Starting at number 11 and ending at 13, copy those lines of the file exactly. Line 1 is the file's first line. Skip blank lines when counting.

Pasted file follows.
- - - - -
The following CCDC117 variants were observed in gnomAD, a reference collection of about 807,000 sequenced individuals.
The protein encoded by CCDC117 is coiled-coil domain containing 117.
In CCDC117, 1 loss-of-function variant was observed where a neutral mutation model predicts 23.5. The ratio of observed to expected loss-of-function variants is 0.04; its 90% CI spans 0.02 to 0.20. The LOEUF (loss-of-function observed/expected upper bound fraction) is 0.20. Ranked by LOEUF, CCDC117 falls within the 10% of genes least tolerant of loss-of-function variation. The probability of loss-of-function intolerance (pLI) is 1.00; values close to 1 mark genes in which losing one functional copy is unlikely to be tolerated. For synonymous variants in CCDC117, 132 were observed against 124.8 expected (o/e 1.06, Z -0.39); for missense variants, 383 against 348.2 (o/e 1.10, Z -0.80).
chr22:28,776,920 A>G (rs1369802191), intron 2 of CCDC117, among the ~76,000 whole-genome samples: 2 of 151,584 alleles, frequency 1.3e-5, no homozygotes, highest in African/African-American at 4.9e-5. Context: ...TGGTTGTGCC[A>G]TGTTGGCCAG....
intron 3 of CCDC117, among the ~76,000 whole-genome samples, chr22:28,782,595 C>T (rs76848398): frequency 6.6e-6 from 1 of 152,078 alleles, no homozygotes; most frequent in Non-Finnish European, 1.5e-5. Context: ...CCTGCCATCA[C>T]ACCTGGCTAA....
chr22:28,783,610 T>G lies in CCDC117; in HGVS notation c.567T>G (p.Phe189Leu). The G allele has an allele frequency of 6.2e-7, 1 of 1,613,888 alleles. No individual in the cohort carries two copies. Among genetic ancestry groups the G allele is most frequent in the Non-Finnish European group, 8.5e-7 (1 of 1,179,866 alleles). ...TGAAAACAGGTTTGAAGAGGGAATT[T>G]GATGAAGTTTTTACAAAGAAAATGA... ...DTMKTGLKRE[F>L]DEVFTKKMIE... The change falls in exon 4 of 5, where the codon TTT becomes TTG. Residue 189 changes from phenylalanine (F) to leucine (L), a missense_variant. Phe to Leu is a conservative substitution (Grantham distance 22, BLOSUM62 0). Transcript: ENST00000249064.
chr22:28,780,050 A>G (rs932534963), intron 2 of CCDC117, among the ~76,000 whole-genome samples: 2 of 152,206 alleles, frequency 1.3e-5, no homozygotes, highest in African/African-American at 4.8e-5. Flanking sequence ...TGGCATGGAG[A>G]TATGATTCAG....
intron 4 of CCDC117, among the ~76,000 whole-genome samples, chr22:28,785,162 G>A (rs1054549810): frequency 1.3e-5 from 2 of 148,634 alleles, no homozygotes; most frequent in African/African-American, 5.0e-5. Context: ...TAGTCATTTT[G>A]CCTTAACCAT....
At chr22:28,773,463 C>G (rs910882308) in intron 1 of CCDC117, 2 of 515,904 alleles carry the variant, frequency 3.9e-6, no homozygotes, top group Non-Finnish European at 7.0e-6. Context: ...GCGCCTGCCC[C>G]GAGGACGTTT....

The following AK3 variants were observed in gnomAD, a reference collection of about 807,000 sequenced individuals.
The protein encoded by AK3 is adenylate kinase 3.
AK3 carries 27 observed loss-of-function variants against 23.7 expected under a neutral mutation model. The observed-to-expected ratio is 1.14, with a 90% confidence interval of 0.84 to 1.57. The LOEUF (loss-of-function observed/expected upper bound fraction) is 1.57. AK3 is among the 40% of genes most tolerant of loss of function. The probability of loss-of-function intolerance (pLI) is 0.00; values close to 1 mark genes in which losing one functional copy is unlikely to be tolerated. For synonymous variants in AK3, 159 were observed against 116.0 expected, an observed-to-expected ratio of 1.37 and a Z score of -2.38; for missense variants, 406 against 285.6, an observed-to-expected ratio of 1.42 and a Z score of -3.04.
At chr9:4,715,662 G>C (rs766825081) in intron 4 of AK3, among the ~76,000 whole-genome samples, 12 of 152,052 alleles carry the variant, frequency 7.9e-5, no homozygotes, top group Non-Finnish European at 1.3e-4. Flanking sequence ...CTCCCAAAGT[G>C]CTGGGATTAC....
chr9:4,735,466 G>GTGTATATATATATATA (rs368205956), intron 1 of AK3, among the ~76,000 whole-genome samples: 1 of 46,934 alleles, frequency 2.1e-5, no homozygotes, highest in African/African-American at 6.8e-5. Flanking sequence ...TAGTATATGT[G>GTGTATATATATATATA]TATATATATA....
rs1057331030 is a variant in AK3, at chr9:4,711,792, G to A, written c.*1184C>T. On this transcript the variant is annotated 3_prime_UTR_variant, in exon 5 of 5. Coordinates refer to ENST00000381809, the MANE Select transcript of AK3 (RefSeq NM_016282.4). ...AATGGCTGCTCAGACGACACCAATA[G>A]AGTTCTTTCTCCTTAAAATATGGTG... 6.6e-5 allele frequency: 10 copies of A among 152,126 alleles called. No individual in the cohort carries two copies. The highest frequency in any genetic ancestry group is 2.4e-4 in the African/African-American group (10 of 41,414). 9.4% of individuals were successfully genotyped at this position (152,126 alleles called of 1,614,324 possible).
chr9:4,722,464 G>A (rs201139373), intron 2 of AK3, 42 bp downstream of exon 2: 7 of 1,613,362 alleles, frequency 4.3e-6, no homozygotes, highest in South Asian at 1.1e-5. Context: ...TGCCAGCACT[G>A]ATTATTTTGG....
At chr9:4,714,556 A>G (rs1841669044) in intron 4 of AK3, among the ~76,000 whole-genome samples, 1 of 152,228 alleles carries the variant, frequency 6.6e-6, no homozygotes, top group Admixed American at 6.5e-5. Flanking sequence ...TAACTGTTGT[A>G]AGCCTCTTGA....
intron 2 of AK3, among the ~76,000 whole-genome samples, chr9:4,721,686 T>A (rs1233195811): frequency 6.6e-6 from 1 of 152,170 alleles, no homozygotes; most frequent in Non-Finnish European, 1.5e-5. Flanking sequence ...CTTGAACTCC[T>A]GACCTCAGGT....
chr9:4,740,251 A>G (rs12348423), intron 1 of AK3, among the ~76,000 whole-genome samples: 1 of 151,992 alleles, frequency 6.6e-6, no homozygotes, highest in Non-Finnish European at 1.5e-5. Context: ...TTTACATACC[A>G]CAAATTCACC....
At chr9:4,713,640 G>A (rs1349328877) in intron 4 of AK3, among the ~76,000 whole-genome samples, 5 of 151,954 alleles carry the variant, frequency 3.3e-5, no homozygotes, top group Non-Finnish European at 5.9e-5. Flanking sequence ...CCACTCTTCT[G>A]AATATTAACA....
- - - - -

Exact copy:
The protein encoded by AK3 is adenylate kinase 3.
AK3 carries 27 observed loss-of-function variants against 23.7 expected under a neutral mutation model. The observed-to-expected ratio is 1.14, with a 90% confidence interval of 0.84 to 1.57. The LOEUF (loss-of-function observed/expected upper bound fraction) is 1.57. AK3 is among the 40% of genes most tolerant of loss of function. The probability of loss-of-function intolerance (pLI) is 0.00; values close to 1 mark genes in which losing one functional copy is unlikely to be tolerated. For synonymous variants in AK3, 159 were observed against 116.0 expected, an observed-to-expected ratio of 1.37 and a Z score of -2.38; for missense variants, 406 against 285.6, an observed-to-expected ratio of 1.42 and a Z score of -3.04.
At chr9:4,715,662 G>C (rs766825081) in intron 4 of AK3, among the ~76,000 whole-genome samples, 12 of 152,052 alleles carry the variant, frequency 7.9e-5, no homozygotes, top group Non-Finnish European at 1.3e-4. Flanking sequence ...CTCCCAAAGT[G>C]CTGGGATTAC....